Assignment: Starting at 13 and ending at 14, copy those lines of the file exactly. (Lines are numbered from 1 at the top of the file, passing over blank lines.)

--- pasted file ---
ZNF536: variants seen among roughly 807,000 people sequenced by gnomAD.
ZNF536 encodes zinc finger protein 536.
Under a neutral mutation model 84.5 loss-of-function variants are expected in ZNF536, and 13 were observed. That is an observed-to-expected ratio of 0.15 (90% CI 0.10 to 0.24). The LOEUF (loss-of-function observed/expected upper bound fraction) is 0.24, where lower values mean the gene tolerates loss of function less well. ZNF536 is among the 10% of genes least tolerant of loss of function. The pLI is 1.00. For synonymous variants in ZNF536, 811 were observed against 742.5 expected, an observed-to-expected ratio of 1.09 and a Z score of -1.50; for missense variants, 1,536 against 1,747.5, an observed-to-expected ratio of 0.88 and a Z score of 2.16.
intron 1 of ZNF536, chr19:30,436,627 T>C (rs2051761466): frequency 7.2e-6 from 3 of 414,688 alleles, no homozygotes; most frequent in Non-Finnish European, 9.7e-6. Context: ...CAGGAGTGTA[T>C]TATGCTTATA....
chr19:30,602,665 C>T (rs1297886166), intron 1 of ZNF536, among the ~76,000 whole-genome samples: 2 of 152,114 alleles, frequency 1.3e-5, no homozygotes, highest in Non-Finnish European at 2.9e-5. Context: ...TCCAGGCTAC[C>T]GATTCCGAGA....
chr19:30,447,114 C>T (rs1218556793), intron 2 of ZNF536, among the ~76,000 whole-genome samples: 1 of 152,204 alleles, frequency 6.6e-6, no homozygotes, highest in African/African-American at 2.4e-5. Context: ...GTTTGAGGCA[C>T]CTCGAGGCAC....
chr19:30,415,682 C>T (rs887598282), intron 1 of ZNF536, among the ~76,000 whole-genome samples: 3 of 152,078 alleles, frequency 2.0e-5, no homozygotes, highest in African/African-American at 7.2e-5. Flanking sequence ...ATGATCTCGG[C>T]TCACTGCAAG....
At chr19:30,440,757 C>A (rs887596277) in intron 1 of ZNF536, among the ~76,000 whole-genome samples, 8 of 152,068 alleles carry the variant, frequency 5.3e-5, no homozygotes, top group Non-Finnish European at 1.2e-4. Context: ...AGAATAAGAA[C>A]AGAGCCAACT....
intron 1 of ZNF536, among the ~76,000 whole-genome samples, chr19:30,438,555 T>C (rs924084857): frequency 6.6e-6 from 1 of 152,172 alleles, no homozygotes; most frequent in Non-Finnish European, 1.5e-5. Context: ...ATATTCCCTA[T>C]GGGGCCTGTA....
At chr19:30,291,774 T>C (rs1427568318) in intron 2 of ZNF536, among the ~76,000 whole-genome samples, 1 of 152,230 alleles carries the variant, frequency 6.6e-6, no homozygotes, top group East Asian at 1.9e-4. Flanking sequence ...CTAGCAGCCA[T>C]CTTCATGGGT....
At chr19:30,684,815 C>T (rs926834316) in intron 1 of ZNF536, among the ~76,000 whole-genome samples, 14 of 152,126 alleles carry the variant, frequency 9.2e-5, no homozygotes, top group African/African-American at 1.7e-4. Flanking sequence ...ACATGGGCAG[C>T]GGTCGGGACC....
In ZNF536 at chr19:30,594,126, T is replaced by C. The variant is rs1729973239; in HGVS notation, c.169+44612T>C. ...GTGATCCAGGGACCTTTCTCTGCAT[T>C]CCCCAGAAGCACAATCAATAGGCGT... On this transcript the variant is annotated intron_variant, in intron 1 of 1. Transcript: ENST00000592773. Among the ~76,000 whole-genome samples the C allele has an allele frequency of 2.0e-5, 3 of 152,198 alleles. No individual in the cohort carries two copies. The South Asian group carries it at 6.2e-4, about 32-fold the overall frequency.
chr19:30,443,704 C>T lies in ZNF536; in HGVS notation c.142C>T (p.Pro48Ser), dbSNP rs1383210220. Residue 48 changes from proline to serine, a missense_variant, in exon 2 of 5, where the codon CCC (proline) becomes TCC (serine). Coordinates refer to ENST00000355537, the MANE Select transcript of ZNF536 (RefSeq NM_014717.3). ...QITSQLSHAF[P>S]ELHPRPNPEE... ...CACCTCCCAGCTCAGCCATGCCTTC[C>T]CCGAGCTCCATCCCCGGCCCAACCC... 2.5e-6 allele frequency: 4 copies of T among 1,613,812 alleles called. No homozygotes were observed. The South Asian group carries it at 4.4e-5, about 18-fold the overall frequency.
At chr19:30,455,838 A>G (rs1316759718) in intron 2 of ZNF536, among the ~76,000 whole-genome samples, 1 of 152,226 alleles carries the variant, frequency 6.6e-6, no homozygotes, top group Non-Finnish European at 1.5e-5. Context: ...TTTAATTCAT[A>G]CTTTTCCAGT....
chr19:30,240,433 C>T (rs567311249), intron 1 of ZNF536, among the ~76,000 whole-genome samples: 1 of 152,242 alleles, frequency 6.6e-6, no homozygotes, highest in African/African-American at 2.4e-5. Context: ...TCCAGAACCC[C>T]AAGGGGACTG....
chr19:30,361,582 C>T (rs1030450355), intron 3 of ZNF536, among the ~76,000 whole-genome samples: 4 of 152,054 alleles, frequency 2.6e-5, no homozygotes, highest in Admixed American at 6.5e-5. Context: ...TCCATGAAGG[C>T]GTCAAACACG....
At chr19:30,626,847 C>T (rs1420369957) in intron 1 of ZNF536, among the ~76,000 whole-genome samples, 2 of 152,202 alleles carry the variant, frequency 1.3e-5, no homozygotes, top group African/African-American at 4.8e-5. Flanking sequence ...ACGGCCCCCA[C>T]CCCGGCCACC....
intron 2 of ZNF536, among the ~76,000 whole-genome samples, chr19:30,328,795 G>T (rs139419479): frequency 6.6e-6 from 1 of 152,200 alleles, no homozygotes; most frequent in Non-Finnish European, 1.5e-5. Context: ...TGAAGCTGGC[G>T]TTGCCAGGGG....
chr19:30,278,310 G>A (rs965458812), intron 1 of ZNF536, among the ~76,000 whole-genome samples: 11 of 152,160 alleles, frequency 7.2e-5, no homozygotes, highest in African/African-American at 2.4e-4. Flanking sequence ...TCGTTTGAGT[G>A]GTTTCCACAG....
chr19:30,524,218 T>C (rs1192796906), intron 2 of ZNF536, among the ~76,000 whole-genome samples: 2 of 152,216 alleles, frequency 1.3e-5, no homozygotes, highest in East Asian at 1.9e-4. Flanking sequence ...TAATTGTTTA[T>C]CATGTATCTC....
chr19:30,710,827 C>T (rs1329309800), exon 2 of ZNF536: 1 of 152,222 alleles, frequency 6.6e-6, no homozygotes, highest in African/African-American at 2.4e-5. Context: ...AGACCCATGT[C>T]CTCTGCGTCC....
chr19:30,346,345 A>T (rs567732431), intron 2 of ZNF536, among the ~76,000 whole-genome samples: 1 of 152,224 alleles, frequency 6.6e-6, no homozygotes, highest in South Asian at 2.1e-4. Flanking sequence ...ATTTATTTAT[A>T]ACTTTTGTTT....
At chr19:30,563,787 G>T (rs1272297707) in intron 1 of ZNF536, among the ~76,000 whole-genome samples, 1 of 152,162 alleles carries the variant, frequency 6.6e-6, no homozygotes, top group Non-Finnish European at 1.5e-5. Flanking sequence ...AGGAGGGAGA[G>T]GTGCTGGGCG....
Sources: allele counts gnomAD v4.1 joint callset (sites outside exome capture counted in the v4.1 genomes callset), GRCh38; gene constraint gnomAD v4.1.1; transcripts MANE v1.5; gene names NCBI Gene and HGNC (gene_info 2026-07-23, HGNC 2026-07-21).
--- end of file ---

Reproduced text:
chr19:30,443,704 C>T lies in ZNF536; in HGVS notation c.142C>T (p.Pro48Ser), dbSNP rs1383210220. Residue 48 changes from proline to serine, a missense_variant, in exon 2 of 5, where the codon CCC (proline) becomes TCC (serine). Coordinates refer to ENST00000355537, the MANE Select transcript of ZNF536 (RefSeq NM_014717.3). ...QITSQLSHAF[P>S]ELHPRPNPEE... ...CACCTCCCAGCTCAGCCATGCCTTC[C>T]CCGAGCTCCATCCCCGGCCCAACCC... 2.5e-6 allele frequency: 4 copies of T among 1,613,812 alleles called. No homozygotes were observed. The South Asian group carries it at 4.4e-5, about 18-fold the overall frequency.
At chr19:30,455,838 A>G (rs1316759718) in intron 2 of ZNF536, among the ~76,000 whole-genome samples, 1 of 152,226 alleles carries the variant, frequency 6.6e-6, no homozygotes, top group Non-Finnish European at 1.5e-5. Context: ...TTTAATTCAT[A>G]CTTTTCCAGT....